*All travel expenses for this trip were paid by Princess Cruises, but all opinions are my own
During my recent (and first) big-ship cruise aboard the Crown Princess, my pal Samantha and I took every opportunity to disembark and go on a shore excursion to see how Princess arranges for its passengers to experience the ship’s ports of call.
Our fourth and final shore excursion was to Eleuthera, one of the Bahamas’ Out Islands…and a truly wonderful place.
*For all our shore excursions, while still onboard the ship, we were given small white tickets with the tour’s name, code number and port, as well as what to bring and where/when to meet the tour.
Excursion: A Taste of Eleuthera
Length: About 4 hours
Come along and discover Eleuthera…on a sightseeing tour in a land that time has almost forgotten. Once ashore at Princess Cays [Princess Cruises' private island in the Bahamas], board your air-conditioned transportation. Travel through wide open spaces, past lush vegetation…through quaint villages with small pristine churches. Enjoy a taste of the island with an authentic native lunch and be entertained with Junkanoo, the Bahamian tradition which incorporates music, costumes, and dance.
From our first few minutes on Eleuthera, Samantha and I were smiling. Most of the ship’s 3,000 passengers planned to spend the day sunning themselves at Princess’ private island, Princess Cays (click here to see photos), while our group of 20 adults was warmly welcomed aboard a small, pristine Eleuthera Adventure Tours mini-bus by a Bahamian woman in her early 30′s. As we got underway, she spread her hands wide and announced:
“Here on Ehloo-trah, we answer the question ‘How y’doin’?’ by sayin’ back:
“I’m right here between ‘Oh Lord and t’ank God.’”
This apparently means, “I’m doin’ alright.” And we really, really were.
Our guide launched into the island’s history: First settled by South American Indians, then the hapless fleet of Christopher Columbus, then English Puritans and pirates, and finally, British slave owners fleeing America’s War of Independence. Puritans changed the island’s Indian name of Cigatoo to Eleuthera (“eh-loo-thrah”), the Greek word for “free.”
So the good news is, you can now come to Eleuthera and feel free…but only to a point. There are a lot of churches here.
Our tour encompassed the southern third of this skinny, 110-mile-long island, and along the way I’d swear we were waved to and smiled at by every man, woman and child we saw. We smiled and waved back in turn, and soon felt like giving the whole island a hug. It’s possible that some humorless, state-sanctioned edict states that locals have to be friendly to tourists, but I think this is just the way folks in the Bahamas move through the world.
Since we arrived during a holiday break for local children, we were not privy to a school visit, and on a slightly overcast day we didn’t have much luck trying to see to the bottom of the island’s bottomless ocean hole (declared so by Jacques Cousteau), but three tour stops stood out for me:
Tarpum Bay. Beside the 1849 St. Columba’s Church, there’s an endless view of the Caribbean and a long, weathered dock where you can see weathered folks scaling a catch so fresh that it’s still moving. Tiny little lanes in this fishing village lead to antique, crumbling stone houses and nearby, the colorful gingerbread homes of the original pineapple barons. It’s so quiet here we could hear the slap of wake against hull, and could have stayed sitting and staring for hours out to sea.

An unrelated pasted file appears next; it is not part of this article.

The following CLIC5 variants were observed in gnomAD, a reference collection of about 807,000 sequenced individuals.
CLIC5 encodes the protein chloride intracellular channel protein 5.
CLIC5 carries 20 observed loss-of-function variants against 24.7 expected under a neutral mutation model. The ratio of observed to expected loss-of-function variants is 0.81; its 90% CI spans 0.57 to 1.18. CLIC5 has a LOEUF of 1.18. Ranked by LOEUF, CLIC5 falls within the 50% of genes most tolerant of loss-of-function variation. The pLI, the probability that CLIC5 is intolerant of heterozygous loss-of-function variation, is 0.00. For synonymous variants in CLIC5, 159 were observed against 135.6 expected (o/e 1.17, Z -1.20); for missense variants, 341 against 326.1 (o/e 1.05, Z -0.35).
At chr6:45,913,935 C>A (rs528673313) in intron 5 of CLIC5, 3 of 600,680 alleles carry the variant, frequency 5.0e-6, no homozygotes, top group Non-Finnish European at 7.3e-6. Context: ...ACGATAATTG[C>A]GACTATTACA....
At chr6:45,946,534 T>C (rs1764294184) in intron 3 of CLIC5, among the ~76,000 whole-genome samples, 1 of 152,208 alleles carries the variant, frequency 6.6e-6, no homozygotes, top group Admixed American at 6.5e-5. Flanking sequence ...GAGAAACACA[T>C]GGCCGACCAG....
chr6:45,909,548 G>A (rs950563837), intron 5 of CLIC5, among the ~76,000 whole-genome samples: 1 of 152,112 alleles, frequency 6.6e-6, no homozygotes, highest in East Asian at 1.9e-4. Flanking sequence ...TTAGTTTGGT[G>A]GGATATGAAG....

Rock Sound. There’s not much to this small settlement besides a government administration building, a radio tower and a small police station (with a big policeman named Joe), but the fun was in the details. After checking out a a couple of local homes sealed up against potential hurricanes with custom-cut boards labeled for each window and each direction, we stopped in the street to sing the Bahamian national anthem (“March on Bahamaland”), learn the symbols on the Bahamian crest, and be presented with the national flower, the yellow elder, by an adorable little girl.
Four Points Restaurant. It’s hard to say what I loved more: The powder-soft beach, the cool water on my feet, dancing like a fool, or eating a beautiful Caribbean lunch while facing…the Caribbean. After a few sips of the delicious national beer, Kalik, I switched (for research purposes), to a coral-orange Bahama Mama and tucked into a heaping plate of conch fritters, spicy pineapple salad (or as I like to call it, Spicy Pineapple Salad of the Gods) and a Bahamian dessert bread called guava duff.
By the time we’d learned how to make conch salad and shimmied down the Junkanoo line (Don Cornelius may not know it, but he missed a great opportunity to move Soul Train to Eleuthera), Sammy and I were ready to hit a real estate office and phone our husbands to bring themselves and our dogs.
Yes, there will be stiff and rhythm-free white folks who won’t dance and yes, someone is guaranteed to rudely turn up their nose at the thought of eating conch (which will only mean more for you), but you’ll hear engaging stories about members of British royalty, learn some new songs and possibly impress yourself by braiding palm fronds, the first step in making Bahamian baskets.
Safe to say we were both left wanting more. After all, there are many miles of Eleuthera left to see, as well as its neighbor, Harbour Island. You can rent clear kayaks, frolic on horseback on pink sand beaches, wander through 18th century settlements, take a boat ride at sunset…you get the idea. In contrast to more touristed Nassau and its dazzling, Disney-fied Atlantis, Eleuthera offers quiet, space and a focus on human connection.
I’m bringing Adam back some day, with or without the dog.
TWT Travel Binders: Bahamas
All Aboard the Crown Princess, Pt. 1
All Aboard the Crown Princess, Pt. 2
Turtles, Hell and Rum Cake: Grand Cayman
The Highs and Lows of Roatán
Doin’ Time at the Ruins of Tulum